That influence is evident, vom Saal says, in the federal regulatory system’s reliance on the small amount of BPA research funded by the chemical industry. In a 2006 paper published in the journal Environmental Research, vom Saal analyzed 130 BPA studies. Of the 119 government-funded studies conducted in academic labs in the U.S., Europe and Japan, 92 percent reported adverse effects. None of the 11 industry studies reported harm. (A more recent tally, available on vom Saal’s MU website, reports that 98 percent of government-funded BPA research reported harm at low doses, while none of the industry’s studies found a problem.)

bpa free bottle

Fred vom Saal’s research led to a consumer rebellion against products made with the plastics additive bisphenol A. Now he wants government regulators to take a stand on toxic chemicals in everyday products.

“Science is not a football game where you find an effect and somebody does another experiment and finds the opposite and they neutralize each other,” vom Saal says. “Anybody can do an experiment and find nothing. The trick is to do an experiment and actually have the skill to detect when something is going on.”

The glaring weakness in industry research is its use of toxicological testing procedures established a half-century ago — methods that regulators still rely on when determining the safety of a chemical. But many scientists say these traditional methods cannot detect the adverse effects of endocrine disruptors — environmental chemicals, such as BPA, that mimic or interfere with hormones that control brain and reproductive development.

The guiding assumption in toxicology has been that the high-dose effects of a chemical will predict effects at lower doses. That doesn’t hold true for hormones, however. Endocrinologists have long known that, with hormones, less means more; that is, lower doses cause harm that does not occur at higher doses. Accepting this evidence would require regulators to lower the established “safe” level of BPA exposure by a factor of 5,000, vom Saal argues, and to demand that the chemical be eliminated from many common products.

Twynna Paul, an FDA spokesperson in Kansas City, Mo., referred inquiries about BPA to an agency website, which outlines its current policy. The FDA says that “standardized” toxicity tests support the safety of low-level exposure to BPA but that recent studies using “novel approaches” have raised some concern about potential effects on the brain, behavior and prostate gland in fetuses, infants and young children. The agency is encouraging alternatives to BPA in products for infants and children, while supporting “a more robust regulatory framework for oversight of BPA,” according to the website.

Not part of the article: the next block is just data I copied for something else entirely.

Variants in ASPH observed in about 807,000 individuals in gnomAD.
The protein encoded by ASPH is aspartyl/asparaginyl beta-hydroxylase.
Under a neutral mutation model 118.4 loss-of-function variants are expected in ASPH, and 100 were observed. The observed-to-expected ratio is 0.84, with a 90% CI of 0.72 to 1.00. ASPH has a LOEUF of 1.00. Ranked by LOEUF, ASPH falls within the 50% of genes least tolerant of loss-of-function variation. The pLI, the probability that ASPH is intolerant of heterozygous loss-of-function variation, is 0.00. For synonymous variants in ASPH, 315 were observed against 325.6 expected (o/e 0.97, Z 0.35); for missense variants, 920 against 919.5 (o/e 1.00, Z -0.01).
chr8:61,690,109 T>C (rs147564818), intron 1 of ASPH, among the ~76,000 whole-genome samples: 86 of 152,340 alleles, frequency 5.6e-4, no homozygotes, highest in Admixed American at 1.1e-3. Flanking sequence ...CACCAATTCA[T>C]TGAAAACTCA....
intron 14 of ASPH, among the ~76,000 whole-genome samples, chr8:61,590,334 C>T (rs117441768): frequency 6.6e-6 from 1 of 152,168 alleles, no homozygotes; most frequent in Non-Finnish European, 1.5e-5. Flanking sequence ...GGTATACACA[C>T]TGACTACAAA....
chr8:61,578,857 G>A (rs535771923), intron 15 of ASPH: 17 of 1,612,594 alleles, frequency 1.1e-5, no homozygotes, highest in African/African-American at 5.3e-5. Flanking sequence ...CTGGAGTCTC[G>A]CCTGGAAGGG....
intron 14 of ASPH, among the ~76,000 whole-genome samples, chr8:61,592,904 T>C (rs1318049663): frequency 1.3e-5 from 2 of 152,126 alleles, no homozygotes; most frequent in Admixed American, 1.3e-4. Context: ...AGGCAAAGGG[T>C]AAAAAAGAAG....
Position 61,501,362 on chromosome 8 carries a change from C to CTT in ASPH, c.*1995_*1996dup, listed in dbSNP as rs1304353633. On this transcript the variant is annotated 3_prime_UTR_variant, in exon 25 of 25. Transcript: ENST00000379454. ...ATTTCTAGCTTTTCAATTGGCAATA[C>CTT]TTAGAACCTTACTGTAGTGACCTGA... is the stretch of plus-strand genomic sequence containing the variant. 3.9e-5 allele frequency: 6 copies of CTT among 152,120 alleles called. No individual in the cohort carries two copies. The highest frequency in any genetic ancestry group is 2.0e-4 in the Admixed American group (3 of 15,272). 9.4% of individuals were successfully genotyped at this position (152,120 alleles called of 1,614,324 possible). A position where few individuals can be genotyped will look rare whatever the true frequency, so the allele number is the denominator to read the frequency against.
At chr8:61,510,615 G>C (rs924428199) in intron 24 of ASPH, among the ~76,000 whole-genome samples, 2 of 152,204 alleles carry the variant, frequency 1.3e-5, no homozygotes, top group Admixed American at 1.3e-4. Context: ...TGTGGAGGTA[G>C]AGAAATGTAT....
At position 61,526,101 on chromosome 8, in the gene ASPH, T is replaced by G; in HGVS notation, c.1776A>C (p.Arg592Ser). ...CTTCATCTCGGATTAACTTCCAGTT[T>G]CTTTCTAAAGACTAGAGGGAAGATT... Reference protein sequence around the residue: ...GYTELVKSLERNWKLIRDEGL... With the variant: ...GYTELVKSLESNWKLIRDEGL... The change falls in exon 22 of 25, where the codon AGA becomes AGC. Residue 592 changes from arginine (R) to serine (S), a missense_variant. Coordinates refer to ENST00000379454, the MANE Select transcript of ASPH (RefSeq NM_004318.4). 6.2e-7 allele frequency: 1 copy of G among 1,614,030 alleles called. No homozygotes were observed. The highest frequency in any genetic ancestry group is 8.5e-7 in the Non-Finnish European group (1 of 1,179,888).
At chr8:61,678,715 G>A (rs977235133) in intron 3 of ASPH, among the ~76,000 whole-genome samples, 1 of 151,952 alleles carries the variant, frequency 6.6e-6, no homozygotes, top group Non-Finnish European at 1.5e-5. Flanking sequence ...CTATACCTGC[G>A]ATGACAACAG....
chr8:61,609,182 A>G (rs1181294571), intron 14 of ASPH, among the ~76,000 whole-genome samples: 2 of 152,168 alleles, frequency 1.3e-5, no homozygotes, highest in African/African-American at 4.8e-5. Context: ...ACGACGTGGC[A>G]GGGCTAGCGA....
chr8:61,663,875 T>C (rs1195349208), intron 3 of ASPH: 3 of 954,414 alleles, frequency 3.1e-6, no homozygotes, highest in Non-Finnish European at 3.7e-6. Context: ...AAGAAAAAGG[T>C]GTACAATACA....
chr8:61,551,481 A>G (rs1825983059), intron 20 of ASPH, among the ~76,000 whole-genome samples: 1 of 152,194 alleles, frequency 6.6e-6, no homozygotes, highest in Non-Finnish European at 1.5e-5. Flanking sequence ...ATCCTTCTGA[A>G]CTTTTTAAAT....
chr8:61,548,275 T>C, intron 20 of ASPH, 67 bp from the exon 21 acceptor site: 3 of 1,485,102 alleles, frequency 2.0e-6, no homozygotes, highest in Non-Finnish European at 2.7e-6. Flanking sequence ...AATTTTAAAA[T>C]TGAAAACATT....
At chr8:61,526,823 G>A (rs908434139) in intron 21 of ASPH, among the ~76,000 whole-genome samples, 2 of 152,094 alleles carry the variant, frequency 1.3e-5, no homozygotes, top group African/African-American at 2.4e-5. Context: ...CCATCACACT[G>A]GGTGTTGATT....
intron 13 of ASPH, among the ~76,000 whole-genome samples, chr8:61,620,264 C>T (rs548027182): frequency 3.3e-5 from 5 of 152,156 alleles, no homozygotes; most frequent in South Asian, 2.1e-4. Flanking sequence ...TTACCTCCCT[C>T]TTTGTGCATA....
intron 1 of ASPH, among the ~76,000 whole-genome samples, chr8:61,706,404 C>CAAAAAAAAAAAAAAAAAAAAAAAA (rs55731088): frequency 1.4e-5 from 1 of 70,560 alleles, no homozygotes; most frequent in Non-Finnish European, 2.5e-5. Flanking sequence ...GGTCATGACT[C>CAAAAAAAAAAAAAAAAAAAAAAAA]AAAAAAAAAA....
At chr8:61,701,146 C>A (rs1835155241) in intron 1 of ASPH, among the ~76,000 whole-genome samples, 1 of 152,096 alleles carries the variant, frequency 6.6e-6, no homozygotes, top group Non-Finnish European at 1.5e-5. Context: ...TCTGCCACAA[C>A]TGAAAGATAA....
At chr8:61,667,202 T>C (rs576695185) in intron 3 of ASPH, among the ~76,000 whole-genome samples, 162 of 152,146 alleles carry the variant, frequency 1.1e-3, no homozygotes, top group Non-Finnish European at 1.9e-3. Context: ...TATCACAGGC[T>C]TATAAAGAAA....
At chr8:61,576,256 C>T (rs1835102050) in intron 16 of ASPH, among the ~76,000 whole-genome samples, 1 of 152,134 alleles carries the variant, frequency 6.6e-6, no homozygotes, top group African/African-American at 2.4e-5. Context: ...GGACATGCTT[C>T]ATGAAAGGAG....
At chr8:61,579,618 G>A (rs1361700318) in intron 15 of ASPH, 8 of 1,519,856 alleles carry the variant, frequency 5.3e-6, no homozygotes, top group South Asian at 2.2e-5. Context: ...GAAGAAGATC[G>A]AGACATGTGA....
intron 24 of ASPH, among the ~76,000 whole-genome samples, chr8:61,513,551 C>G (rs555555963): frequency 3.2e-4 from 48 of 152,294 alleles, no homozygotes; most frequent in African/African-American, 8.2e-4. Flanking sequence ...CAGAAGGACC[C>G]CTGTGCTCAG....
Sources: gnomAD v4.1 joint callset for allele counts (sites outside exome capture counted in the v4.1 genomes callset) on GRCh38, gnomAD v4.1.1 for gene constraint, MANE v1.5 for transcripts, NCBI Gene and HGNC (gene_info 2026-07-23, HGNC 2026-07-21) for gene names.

Federal regulators have been slow to respond to the science, but consumers haven’t. Vom Saal’s advocacy has provoked a grass-roots rebellion against BPA, prompting baby bottle manufacturers and some food companies to eliminate it from their products. Seven states — Connecticut, Maryland, Minnesota, New York, Vermont, Washington and Wisconsin — have limited or banned the sale of BPA-containing products. Canada recently declared the chemical toxic to human health and the environment. The European Union will prohibit it in sippy cups and baby bottles starting in summer 2011.

“This has gotten to a point where the public has essentially made a determination that this is something I don’t want to be exposed to and I don’t want my babies exposed to,” he says.

Vom Saal predicts the U.S. regulatory system will eventually come around. In fact, he’s planning on it. He recently applied won a $20,000 Mizzou Advantage grant to host a workshop that will "explore barriers that have prevented governments from incorportating findings from endocrine disruption research and taking regulatory action to reverse the trends in endocrine-related disorders." The event will bring together health advocates and scientists to discuss strategies to make regulatory agencies more responsive to research by independent scientists.

Vom Saal is confident MU officials will support this important gathering of the minds, just as they supported a Green Chemistry conference he hosted on campus in October 2010.

And just as they have stood beside him while he’s taken on powerful interests in the name of science and public health. 

“One of the reasons why I’ve stayed here is this university has been immune to outside forces,” he says. “They’ve helped fund this research, they’ve promoted it, and they’ve promoted me. This is not the case at every academic institution, I can assure you.”